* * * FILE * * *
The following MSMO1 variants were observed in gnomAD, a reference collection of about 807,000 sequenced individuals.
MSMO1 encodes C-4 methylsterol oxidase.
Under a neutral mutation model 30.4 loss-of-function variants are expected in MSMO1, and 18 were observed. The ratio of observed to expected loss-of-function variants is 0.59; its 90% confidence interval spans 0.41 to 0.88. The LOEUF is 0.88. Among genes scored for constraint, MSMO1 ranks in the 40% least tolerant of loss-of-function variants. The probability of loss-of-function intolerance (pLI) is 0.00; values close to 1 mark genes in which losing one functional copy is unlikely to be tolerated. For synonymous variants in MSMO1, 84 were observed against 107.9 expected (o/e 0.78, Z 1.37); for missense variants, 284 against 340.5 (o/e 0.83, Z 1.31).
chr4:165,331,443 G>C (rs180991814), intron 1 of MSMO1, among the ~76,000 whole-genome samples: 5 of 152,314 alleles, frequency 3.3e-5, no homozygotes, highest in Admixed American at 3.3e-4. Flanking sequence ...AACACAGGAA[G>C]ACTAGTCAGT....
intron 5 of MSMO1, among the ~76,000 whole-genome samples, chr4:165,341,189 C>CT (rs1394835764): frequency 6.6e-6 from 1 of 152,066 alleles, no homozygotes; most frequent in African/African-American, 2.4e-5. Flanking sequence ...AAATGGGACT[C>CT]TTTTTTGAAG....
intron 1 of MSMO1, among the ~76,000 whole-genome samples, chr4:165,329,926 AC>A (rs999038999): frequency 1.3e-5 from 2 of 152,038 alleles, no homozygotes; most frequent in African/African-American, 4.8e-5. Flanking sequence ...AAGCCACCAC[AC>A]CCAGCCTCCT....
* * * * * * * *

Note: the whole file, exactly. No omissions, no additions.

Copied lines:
The following MSMO1 variants were observed in gnomAD, a reference collection of about 807,000 sequenced individuals.
MSMO1 encodes C-4 methylsterol oxidase.
Under a neutral mutation model 30.4 loss-of-function variants are expected in MSMO1, and 18 were observed. The ratio of observed to expected loss-of-function variants is 0.59; its 90% confidence interval spans 0.41 to 0.88. The LOEUF is 0.88. Among genes scored for constraint, MSMO1 ranks in the 40% least tolerant of loss-of-function variants. The probability of loss-of-function intolerance (pLI) is 0.00; values close to 1 mark genes in which losing one functional copy is unlikely to be tolerated. For synonymous variants in MSMO1, 84 were observed against 107.9 expected (o/e 0.78, Z 1.37); for missense variants, 284 against 340.5 (o/e 0.83, Z 1.31).
chr4:165,331,443 G>C (rs180991814), intron 1 of MSMO1, among the ~76,000 whole-genome samples: 5 of 152,314 alleles, frequency 3.3e-5, no homozygotes, highest in Admixed American at 3.3e-4. Flanking sequence ...AACACAGGAA[G>C]ACTAGTCAGT....
intron 5 of MSMO1, among the ~76,000 whole-genome samples, chr4:165,341,189 C>CT (rs1394835764): frequency 6.6e-6 from 1 of 152,066 alleles, no homozygotes; most frequent in African/African-American, 2.4e-5. Flanking sequence ...AAATGGGACT[C>CT]TTTTTTGAAG....
intron 1 of MSMO1, among the ~76,000 whole-genome samples, chr4:165,329,926 AC>A (rs999038999): frequency 1.3e-5 from 2 of 152,038 alleles, no homozygotes; most frequent in African/African-American, 4.8e-5. Flanking sequence ...AAGCCACCAC[AC>A]CCAGCCTCCT....